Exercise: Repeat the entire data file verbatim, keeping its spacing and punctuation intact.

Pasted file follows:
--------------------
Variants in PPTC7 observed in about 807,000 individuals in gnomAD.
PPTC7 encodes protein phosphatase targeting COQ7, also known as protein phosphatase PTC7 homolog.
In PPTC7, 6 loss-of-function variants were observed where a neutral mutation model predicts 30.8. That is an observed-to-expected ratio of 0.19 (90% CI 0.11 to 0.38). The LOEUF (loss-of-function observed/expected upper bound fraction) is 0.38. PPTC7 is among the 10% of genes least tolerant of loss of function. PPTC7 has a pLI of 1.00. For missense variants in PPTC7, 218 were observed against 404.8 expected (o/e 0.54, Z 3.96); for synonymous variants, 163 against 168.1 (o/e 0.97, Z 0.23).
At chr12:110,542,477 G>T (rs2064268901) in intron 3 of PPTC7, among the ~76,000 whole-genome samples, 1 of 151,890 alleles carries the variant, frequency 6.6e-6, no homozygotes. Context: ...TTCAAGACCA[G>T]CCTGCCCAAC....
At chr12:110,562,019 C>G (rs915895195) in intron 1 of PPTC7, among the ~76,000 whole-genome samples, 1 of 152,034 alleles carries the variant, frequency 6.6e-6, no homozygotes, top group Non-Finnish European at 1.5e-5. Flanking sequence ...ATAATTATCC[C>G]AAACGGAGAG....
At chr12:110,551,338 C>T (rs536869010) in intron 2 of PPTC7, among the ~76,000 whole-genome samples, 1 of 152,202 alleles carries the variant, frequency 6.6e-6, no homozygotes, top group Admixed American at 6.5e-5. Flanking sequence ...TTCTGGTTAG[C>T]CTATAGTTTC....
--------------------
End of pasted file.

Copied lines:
Variants in PPTC7 observed in about 807,000 individuals in gnomAD.
PPTC7 encodes protein phosphatase targeting COQ7, also known as protein phosphatase PTC7 homolog.
In PPTC7, 6 loss-of-function variants were observed where a neutral mutation model predicts 30.8. That is an observed-to-expected ratio of 0.19 (90% CI 0.11 to 0.38). The LOEUF (loss-of-function observed/expected upper bound fraction) is 0.38. PPTC7 is among the 10% of genes least tolerant of loss of function. PPTC7 has a pLI of 1.00. For missense variants in PPTC7, 218 were observed against 404.8 expected (o/e 0.54, Z 3.96); for synonymous variants, 163 against 168.1 (o/e 0.97, Z 0.23).
At chr12:110,542,477 G>T (rs2064268901) in intron 3 of PPTC7, among the ~76,000 whole-genome samples, 1 of 151,890 alleles carries the variant, frequency 6.6e-6, no homozygotes. Context: ...TTCAAGACCA[G>T]CCTGCCCAAC....
At chr12:110,562,019 C>G (rs915895195) in intron 1 of PPTC7, among the ~76,000 whole-genome samples, 1 of 152,034 alleles carries the variant, frequency 6.6e-6, no homozygotes, top group Non-Finnish European at 1.5e-5. Flanking sequence ...ATAATTATCC[C>G]AAACGGAGAG....
At chr12:110,551,338 C>T (rs536869010) in intron 2 of PPTC7, among the ~76,000 whole-genome samples, 1 of 152,202 alleles carries the variant, frequency 6.6e-6, no homozygotes, top group Admixed American at 6.5e-5. Flanking sequence ...TTCTGGTTAG[C>T]CTATAGTTTC....